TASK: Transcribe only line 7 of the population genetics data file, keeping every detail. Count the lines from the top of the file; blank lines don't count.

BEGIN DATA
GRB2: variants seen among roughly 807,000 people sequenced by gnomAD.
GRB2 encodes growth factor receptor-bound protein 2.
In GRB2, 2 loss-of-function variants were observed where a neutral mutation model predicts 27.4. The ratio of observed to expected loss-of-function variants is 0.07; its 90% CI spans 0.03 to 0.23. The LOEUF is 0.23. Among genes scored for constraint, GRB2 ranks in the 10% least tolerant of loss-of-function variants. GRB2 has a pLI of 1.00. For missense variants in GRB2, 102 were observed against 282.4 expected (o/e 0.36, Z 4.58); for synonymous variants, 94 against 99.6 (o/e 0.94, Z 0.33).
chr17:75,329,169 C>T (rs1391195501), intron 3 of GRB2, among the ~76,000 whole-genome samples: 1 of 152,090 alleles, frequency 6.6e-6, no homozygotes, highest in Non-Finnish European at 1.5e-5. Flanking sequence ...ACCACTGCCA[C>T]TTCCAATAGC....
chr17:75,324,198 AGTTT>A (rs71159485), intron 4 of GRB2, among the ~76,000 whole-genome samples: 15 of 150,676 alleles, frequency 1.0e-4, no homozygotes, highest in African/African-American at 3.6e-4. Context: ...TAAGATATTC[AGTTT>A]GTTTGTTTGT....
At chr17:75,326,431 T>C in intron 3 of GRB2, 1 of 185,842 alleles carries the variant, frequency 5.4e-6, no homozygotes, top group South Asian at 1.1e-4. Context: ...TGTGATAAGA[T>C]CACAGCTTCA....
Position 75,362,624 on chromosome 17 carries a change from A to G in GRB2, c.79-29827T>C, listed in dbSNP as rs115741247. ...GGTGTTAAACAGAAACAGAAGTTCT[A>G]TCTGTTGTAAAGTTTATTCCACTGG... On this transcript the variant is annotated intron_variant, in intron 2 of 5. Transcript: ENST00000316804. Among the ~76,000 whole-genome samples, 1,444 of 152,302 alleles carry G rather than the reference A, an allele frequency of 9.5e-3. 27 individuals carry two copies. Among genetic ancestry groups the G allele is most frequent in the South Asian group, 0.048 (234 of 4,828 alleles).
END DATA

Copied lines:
Position 75,362,624 on chromosome 17 carries a change from A to G in GRB2, c.79-29827T>C, listed in dbSNP as rs115741247. ...GGTGTTAAACAGAAACAGAAGTTCT[A>G]TCTGTTGTAAAGTTTATTCCACTGG... On this transcript the variant is annotated intron_variant, in intron 2 of 5. Transcript: ENST00000316804. Among the ~76,000 whole-genome samples, 1,444 of 152,302 alleles carry G rather than the reference A, an allele frequency of 9.5e-3. 27 individuals carry two copies. Among genetic ancestry groups the G allele is most frequent in the South Asian group, 0.048 (234 of 4,828 alleles).